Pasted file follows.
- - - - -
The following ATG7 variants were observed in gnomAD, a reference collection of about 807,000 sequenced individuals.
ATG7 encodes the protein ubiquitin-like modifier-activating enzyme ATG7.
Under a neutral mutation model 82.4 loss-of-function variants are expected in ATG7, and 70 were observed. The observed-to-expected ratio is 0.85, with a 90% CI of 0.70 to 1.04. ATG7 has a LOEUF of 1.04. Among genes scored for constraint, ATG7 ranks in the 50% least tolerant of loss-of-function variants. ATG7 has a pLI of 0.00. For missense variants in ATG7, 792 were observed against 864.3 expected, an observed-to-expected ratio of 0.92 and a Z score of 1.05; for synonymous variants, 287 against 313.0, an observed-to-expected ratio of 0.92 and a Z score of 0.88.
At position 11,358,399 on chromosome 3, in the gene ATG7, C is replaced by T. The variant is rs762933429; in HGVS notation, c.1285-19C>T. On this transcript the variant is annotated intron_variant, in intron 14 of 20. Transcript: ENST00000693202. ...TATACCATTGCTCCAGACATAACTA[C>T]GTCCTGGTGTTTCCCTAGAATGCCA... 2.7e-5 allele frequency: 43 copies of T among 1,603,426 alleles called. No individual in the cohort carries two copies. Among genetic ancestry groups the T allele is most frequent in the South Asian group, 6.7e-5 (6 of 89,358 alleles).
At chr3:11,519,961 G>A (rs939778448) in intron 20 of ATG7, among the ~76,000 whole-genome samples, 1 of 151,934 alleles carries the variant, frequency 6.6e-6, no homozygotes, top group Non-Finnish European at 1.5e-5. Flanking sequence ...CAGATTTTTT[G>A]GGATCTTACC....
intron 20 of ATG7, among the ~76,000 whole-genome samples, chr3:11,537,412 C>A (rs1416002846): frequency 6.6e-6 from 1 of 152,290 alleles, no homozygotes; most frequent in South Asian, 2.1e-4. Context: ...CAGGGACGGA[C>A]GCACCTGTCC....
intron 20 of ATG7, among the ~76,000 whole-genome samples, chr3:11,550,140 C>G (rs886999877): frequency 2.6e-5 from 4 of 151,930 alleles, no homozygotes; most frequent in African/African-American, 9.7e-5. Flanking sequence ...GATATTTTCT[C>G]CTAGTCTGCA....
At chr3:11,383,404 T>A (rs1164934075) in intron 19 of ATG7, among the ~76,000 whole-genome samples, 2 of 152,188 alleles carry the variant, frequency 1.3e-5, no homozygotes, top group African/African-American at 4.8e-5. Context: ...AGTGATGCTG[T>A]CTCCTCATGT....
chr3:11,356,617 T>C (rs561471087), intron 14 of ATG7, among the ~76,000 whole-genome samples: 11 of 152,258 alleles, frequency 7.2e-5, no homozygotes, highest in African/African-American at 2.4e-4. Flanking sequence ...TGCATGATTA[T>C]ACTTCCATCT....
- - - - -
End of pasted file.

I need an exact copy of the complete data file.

The following ATG7 variants were observed in gnomAD, a reference collection of about 807,000 sequenced individuals.
ATG7 encodes the protein ubiquitin-like modifier-activating enzyme ATG7.
Under a neutral mutation model 82.4 loss-of-function variants are expected in ATG7, and 70 were observed. The observed-to-expected ratio is 0.85, with a 90% CI of 0.70 to 1.04. ATG7 has a LOEUF of 1.04. Among genes scored for constraint, ATG7 ranks in the 50% least tolerant of loss-of-function variants. ATG7 has a pLI of 0.00. For missense variants in ATG7, 792 were observed against 864.3 expected, an observed-to-expected ratio of 0.92 and a Z score of 1.05; for synonymous variants, 287 against 313.0, an observed-to-expected ratio of 0.92 and a Z score of 0.88.
At position 11,358,399 on chromosome 3, in the gene ATG7, C is replaced by T. The variant is rs762933429; in HGVS notation, c.1285-19C>T. On this transcript the variant is annotated intron_variant, in intron 14 of 20. Transcript: ENST00000693202. ...TATACCATTGCTCCAGACATAACTA[C>T]GTCCTGGTGTTTCCCTAGAATGCCA... 2.7e-5 allele frequency: 43 copies of T among 1,603,426 alleles called. No individual in the cohort carries two copies. Among genetic ancestry groups the T allele is most frequent in the South Asian group, 6.7e-5 (6 of 89,358 alleles).
At chr3:11,519,961 G>A (rs939778448) in intron 20 of ATG7, among the ~76,000 whole-genome samples, 1 of 151,934 alleles carries the variant, frequency 6.6e-6, no homozygotes, top group Non-Finnish European at 1.5e-5. Flanking sequence ...CAGATTTTTT[G>A]GGATCTTACC....
intron 20 of ATG7, among the ~76,000 whole-genome samples, chr3:11,537,412 C>A (rs1416002846): frequency 6.6e-6 from 1 of 152,290 alleles, no homozygotes; most frequent in South Asian, 2.1e-4. Context: ...CAGGGACGGA[C>A]GCACCTGTCC....
intron 20 of ATG7, among the ~76,000 whole-genome samples, chr3:11,550,140 C>G (rs886999877): frequency 2.6e-5 from 4 of 151,930 alleles, no homozygotes; most frequent in African/African-American, 9.7e-5. Flanking sequence ...GATATTTTCT[C>G]CTAGTCTGCA....
At chr3:11,383,404 T>A (rs1164934075) in intron 19 of ATG7, among the ~76,000 whole-genome samples, 2 of 152,188 alleles carry the variant, frequency 1.3e-5, no homozygotes, top group African/African-American at 4.8e-5. Context: ...AGTGATGCTG[T>A]CTCCTCATGT....
chr3:11,356,617 T>C (rs561471087), intron 14 of ATG7, among the ~76,000 whole-genome samples: 11 of 152,258 alleles, frequency 7.2e-5, no homozygotes, highest in African/African-American at 2.4e-4. Flanking sequence ...TGCATGATTA[T>C]ACTTCCATCT....